Donald and the Angry Right
Ours is a society in transition. From the removal of the Confederate Flag from state capitol grounds all over the south, to recent Supreme Court rulings on the Affordable Care Act and marriage equality, “the times they are a changing”. Said change is material, irresistible and enduring. And as with any such change there are those who are greatly displeased.
One of the biggest hell raisers is real estate mogul, TV star and GOP Presidential candidate Donald Trump. His statements linking undocumented Mexican immigrants to drugs, crime and rape are disheartening to say the least. Despite paying a heavy price in lost endorsements and business deals, Trump has doubled, even tripled down on his comments.
Trump has been condemned by many, including Republican luminaries like Jeb Bush, Rick Perry, Chris Christy and John McCain. In addition, South Carolina Governor Nikki Haley and Republican colleagues in the state legislature were stellar in their response to the Charleston Massacre and their role in removing the Confederate Flag from the state house grounds.
But while he may not speak for the Republican Party, he certainly speaks to GOP primary voters, the Tea Party and religious conservatives, as conceded on July 7, 2015, by no less than the Wall Street Journal. As a general rule, these voters dislike immigrants, hate the ACA and gay rights, love the Confederate flag and distrust the federal government.
Consequently, Trump currently leads the field among GOP primary voters. And his pronouncements while crude are consistent with GOP policy positions both past and present. See “Trumps Mexico Remarks Reflect Ugly GOP Tradition” by Miami Herald columnist Leonard Pitts Jr.
This is the relevance of the Trump candidacy as absurd as it sometimes is. Regardless as to how many denounce him, no matter how destructive are his comments, Donald Trump is saying exactly what the hard right wants him to say just the way they want him to say it. They thirst for his brand of “telling it like it is” like a lost caravan thirst for water. The more outrageous, hostile and inane are his comments, the more they like it and him.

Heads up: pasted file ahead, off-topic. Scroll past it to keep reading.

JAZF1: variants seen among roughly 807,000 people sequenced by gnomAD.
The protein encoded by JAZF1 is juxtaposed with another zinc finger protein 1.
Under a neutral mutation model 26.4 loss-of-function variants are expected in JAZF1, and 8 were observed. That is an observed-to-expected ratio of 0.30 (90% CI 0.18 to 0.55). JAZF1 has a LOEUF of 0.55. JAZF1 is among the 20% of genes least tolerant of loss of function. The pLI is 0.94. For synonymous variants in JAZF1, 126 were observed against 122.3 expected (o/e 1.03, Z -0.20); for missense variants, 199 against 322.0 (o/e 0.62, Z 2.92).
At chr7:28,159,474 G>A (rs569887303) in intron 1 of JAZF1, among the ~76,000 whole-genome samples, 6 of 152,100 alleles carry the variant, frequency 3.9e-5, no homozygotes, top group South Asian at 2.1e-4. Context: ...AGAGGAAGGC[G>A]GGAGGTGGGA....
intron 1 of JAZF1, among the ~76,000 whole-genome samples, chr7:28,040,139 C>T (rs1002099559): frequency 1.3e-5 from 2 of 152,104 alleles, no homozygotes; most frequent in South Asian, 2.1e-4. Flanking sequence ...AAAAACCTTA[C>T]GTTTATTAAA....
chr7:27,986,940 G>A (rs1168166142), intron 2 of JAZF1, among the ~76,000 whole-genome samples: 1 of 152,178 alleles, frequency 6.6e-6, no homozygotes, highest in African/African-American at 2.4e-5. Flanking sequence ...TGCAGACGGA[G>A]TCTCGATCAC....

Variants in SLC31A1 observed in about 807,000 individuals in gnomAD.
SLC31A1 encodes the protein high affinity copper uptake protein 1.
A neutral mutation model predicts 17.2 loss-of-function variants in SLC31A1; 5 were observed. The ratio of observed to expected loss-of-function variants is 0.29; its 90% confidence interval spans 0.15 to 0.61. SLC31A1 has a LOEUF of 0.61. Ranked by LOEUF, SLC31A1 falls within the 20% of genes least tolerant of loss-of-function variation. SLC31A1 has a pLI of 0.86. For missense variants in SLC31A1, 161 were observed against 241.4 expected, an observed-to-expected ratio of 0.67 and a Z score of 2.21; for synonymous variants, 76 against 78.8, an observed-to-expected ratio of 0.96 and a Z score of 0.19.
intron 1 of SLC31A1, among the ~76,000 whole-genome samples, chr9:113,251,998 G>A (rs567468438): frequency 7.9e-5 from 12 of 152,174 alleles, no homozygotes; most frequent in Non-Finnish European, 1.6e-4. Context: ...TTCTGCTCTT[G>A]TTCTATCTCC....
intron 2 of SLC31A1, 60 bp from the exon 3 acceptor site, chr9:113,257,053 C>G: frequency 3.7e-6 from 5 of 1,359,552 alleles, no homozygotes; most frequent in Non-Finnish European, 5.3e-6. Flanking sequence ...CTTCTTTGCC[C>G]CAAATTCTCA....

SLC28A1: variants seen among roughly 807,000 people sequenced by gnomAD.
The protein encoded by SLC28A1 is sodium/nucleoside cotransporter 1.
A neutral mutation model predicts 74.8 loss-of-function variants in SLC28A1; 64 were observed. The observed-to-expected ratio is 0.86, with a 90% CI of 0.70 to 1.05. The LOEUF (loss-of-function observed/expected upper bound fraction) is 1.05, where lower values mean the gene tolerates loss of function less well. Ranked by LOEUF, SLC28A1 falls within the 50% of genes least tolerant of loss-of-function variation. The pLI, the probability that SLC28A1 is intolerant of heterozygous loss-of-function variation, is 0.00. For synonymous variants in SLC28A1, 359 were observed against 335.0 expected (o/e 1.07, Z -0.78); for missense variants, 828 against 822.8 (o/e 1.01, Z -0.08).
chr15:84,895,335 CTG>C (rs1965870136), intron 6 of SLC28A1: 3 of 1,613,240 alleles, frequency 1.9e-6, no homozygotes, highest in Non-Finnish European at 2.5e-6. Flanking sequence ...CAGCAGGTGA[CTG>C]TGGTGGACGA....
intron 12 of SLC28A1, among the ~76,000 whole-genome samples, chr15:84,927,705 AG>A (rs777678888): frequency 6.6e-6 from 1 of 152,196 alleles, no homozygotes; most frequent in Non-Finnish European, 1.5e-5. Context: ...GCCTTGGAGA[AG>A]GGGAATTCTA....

And be not mistaken. While this support is couched in terms of defending religious freedoms, preserving the American way of life and/or protecting our democracy from the rushing tide of socialism and government tyranny, the anger on the right is colored by anxiety, fear, resentment and a frustration that borders on desperation.
It is the constant worry that the country is being invaded and occupied by intruders that neither looks nor speaks like them. It is the nagging dread of being ignored, marginalized and victimized, of being relegated to second class citizenship in their own country.
It is the sour belief that the undeserved i.e., blacks, immigrants, gays and non-Christians are taking what rightfully belongs to them, the true Americans. And worse it is the acknowledgement, the growing frustration that the tide of history and demographics are decidedly against them; that their world and the values they hold dear are disappearing never to return.
The browning of America and the sweep of history has changed the American quilt in ways that distresses the hard right. The cultural issues which they so recently owned are no longer theirs. Their antipathy towards the LGBT community and gay marriage is not shared by the young, organized religion is not the cultural force it once was and elections are unsure at best. The Supreme Court’s decisions on Obamacare and same-sex marriage, the failure to outlaw abortion, the relegation of the Confederate flag to dusty museums and the election of a “Kenyan/socialist/Muslim” President not once but twice have disappointed and embittered them to no end.
In response, some conservatives have advocated defiance if not open rebellion. Regarding same-sex marriage, Presidential candidate Mike Huckabee promised not to acquiesce to an imperial court and urged others to resist what he calls judicial tyranny. Yet another GOP Presidential candidate, Senator Ted Cruz of Texas reasons the same.
Additionally, some county clerks have refused to issue marriage licenses to same-sex couples, the Supreme Court decision be damned. And Oklahoma Governor Mary Fallin has pledged to disobey an order from the Oklahoma Supreme Court to remove from the capital grounds a statute bearing the 10 Commandments. It is her position that the ruling is “impermissible and deeply disturbing.” www.msnbc.com/msnbc/despite-court-ruling-gov-mary-fallin-wont-remove-10-comm.
Defiance of the law is an odd position to take given the right’s reliance on public morals, law and order and the oft cited admonition that ours is a nation of laws. At least this is what they argue when it comes to illegal immigration.
Fortunately, a little of Trump goes a long way. He will never hold the oval office and his campaign will burn itself out, sooner rather than later.
But it would be a mistake to ignore Trump and what he represents. His candidacy bespeaks something fundamental about our society. The anger on the right is a force that will figure prominently in the Presidential election and long thereafter.
In conclusion, fear is the oldest tool of power. And fanning the flames of fear and social outrage encourages the type of violence exhibited in Ferguson, Baltimore and Charleston. The real danger is not that the anger on the right exists. It is instead that there are those like Donald Trump who are all too willing to exploit it.
Leo Barron Hicks, Founder and CEO
Blackacre Policy Forum